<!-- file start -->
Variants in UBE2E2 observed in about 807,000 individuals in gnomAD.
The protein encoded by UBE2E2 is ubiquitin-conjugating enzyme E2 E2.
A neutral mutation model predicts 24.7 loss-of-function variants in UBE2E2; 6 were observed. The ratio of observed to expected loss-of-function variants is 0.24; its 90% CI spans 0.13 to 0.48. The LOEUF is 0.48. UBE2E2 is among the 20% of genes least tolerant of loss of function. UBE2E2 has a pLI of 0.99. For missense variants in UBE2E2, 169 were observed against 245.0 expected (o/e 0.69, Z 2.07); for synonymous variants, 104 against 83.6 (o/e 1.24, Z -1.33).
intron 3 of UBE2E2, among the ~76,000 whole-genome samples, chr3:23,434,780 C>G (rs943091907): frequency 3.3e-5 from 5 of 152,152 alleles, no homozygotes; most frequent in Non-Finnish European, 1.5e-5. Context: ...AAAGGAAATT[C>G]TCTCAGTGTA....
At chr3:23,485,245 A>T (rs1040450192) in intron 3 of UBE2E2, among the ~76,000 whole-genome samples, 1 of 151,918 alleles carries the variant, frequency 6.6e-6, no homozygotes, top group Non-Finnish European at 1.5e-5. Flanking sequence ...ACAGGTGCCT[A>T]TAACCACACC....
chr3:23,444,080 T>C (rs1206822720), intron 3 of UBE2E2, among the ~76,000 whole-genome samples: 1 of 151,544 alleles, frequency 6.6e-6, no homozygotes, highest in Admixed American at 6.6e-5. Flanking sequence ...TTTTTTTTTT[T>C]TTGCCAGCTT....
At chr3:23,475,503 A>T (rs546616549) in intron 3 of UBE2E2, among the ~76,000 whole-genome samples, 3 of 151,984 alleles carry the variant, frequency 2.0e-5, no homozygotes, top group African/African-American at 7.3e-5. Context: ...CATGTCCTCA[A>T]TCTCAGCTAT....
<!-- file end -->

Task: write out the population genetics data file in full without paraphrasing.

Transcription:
Variants in UBE2E2 observed in about 807,000 individuals in gnomAD.
The protein encoded by UBE2E2 is ubiquitin-conjugating enzyme E2 E2.
A neutral mutation model predicts 24.7 loss-of-function variants in UBE2E2; 6 were observed. The ratio of observed to expected loss-of-function variants is 0.24; its 90% CI spans 0.13 to 0.48. The LOEUF is 0.48. UBE2E2 is among the 20% of genes least tolerant of loss of function. UBE2E2 has a pLI of 0.99. For missense variants in UBE2E2, 169 were observed against 245.0 expected (o/e 0.69, Z 2.07); for synonymous variants, 104 against 83.6 (o/e 1.24, Z -1.33).
intron 3 of UBE2E2, among the ~76,000 whole-genome samples, chr3:23,434,780 C>G (rs943091907): frequency 3.3e-5 from 5 of 152,152 alleles, no homozygotes; most frequent in Non-Finnish European, 1.5e-5. Context: ...AAAGGAAATT[C>G]TCTCAGTGTA....
At chr3:23,485,245 A>T (rs1040450192) in intron 3 of UBE2E2, among the ~76,000 whole-genome samples, 1 of 151,918 alleles carries the variant, frequency 6.6e-6, no homozygotes, top group Non-Finnish European at 1.5e-5. Flanking sequence ...ACAGGTGCCT[A>T]TAACCACACC....
chr3:23,444,080 T>C (rs1206822720), intron 3 of UBE2E2, among the ~76,000 whole-genome samples: 1 of 151,544 alleles, frequency 6.6e-6, no homozygotes, highest in Admixed American at 6.6e-5. Flanking sequence ...TTTTTTTTTT[T>C]TTGCCAGCTT....
At chr3:23,475,503 A>T (rs546616549) in intron 3 of UBE2E2, among the ~76,000 whole-genome samples, 3 of 151,984 alleles carry the variant, frequency 2.0e-5, no homozygotes, top group African/African-American at 7.3e-5. Context: ...CATGTCCTCA[A>T]TCTCAGCTAT....